This is a Class immediately below Business Class. The players are in seats slightly more comfortable than those in Economy Class below them, even if their chances to play during the championship are just as dim as those in economy class. Some of them will get to play a few matches at one point or the other, either for strategic tactical purposes, or to fill a void created by any one of several factors affecting the team during the competition.
They have confirmed reservations for the flight to Brazil!
They are: Sunday Mba, Joel Obi, Obinna Nsofor, Reuben Gabriel.
These are the players whose strategic place is on the bench. They are available for any match without holding a first team or permanent place.
A few of them may even be as good as the players in the Classes above them but inconsistent performances gives them only temporary status, usually creating the spaces in the team for several players on Stand-by Class anxiously waiting. These players may not get to play in any match, and even when they do, they are hardly ever expected to change the course of a match. They are fillers!
Like those on Stand-by, these players are likely to constitute most of the 7 players to be dropped from the 30-man present list when the final list is to be drawn up in early June before the team departs for the training camp in the United States of America.
Through the hazy lenses of the crystal ball I see the following here: Shola Ameobi, Azubuike Egwekwe, Ejike Uzoenyi, Joseph Yobo, Babatunde Michael, Nosa Igiebor.
There is great anxiety on the faces of the players here. They have not even boarded the flight yet.
Only a last-minute truly extra-ordinary performance will save their drop from the team. To survive means a player already established within Stephen Keshi’s so-far successful squad would have to be dropped. That will be a tough call.
The friendly match(es) may be the last opportunity, so it is going to be a do-or-die affair at Craven Cottage in almost three weeks time.
One of the remaining 2 goalkeepers, Daniel Akpeyi and Chigozie Agbim, will have to drop out at this point. It is likely to be Agbim. His performance during CHAN 2013 has now become an Albatross! Keshi would find it hard defending his choice ahead of Akpeyi.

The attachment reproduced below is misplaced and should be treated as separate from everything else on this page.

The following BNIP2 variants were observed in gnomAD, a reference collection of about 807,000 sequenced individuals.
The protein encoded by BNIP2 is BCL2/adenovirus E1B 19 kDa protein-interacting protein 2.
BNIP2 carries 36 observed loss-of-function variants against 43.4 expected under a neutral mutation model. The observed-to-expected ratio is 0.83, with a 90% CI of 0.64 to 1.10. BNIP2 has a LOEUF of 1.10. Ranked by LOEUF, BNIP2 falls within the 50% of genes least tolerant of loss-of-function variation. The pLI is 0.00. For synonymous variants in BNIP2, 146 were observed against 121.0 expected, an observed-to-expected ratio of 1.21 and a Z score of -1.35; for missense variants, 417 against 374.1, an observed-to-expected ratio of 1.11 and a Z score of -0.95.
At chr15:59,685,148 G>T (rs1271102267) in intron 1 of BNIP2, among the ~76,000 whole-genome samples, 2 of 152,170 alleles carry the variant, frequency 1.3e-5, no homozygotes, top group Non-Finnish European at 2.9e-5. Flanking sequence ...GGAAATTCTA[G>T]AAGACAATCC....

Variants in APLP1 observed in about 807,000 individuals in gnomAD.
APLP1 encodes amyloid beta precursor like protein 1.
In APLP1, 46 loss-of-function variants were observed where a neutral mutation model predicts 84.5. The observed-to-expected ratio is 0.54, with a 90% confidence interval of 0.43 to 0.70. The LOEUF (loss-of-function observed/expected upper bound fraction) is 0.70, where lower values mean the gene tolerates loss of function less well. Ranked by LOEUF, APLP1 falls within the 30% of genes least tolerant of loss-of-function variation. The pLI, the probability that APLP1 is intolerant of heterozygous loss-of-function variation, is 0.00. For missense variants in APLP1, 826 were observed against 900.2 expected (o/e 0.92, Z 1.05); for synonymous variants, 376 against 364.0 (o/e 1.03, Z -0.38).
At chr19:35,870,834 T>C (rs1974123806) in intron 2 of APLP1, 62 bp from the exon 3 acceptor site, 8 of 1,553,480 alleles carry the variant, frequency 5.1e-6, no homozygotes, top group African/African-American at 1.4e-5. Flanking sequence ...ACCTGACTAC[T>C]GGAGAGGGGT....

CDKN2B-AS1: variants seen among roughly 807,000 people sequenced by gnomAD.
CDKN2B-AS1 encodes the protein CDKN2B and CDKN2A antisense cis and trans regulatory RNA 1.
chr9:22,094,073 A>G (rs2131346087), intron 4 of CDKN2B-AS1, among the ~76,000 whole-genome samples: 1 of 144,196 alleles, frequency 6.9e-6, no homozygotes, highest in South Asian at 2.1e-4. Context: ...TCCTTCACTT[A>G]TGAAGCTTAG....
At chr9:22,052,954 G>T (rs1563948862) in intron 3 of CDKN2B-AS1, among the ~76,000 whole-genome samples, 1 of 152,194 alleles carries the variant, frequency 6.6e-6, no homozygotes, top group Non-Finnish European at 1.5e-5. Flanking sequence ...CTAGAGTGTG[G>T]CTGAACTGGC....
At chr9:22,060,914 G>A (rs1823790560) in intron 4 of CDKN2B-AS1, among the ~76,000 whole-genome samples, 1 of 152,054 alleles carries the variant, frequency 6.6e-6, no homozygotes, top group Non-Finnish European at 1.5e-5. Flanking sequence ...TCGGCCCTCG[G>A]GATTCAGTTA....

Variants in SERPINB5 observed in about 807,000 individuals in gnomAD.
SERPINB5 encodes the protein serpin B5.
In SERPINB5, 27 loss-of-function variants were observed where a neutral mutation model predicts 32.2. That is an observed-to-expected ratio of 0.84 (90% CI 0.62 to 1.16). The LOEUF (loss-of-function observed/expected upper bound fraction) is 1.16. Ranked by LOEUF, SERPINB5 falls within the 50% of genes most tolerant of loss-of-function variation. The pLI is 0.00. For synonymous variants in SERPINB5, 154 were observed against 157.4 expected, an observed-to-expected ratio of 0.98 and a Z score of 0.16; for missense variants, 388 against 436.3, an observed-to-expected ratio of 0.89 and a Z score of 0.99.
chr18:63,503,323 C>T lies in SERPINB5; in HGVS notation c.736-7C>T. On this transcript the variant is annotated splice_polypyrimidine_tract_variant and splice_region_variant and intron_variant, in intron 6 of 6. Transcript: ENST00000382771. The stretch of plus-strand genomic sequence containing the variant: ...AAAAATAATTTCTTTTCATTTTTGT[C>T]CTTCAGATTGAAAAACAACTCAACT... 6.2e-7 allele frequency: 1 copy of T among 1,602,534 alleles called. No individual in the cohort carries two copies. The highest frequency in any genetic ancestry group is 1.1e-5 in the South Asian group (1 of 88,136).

The players waiting anxiously, wishing and praying for some divine intervention are: Daniel Akpeyi, Chigozie Agbim, Juwon Oshaniwa, Kunle Odunlami, Ramon Azeez, Uche Nwofor, Michael Uchebo.
It is unfortunate that the process of selecting even the 30 players in the provisional list was turned into a circus, an unnecessarily protracted, controversial and suspicious drama.
In the end the list leaves several unanswered questions about a few of the selected players, particularly a few players from the obscurity of their small European clubs to emerge as possible candidates in the biggest theatre of football in the world without earning the right visibly on the football field.
The good thing is that the names are an insignificant few.
The other issues are the inclusion of Peter Odemwigie and Joseph Yobo, two players that many people felt had given their best in the past, were past their prime, may not have much to offer, and would be a distraction from what had been a calm and growing camp of new Super Eagles; the inclusion also of Agbim, the goalkeeper whose poor performances during the Confederations Cup cost Nigeria dearly and left many people wondering where he came from; the inclusion of an Shola Amoebi whose best form is in the distant past, like those of several others no longer in the Eagles team; and the exclusion of a younger and more potent Ike Uche whose current form, age and talent are worth considering for a invitation into Keshi’s provisional list.
These are all the ongoing and raging arguments.
The next few weeks will either justify Keshi or diminish him!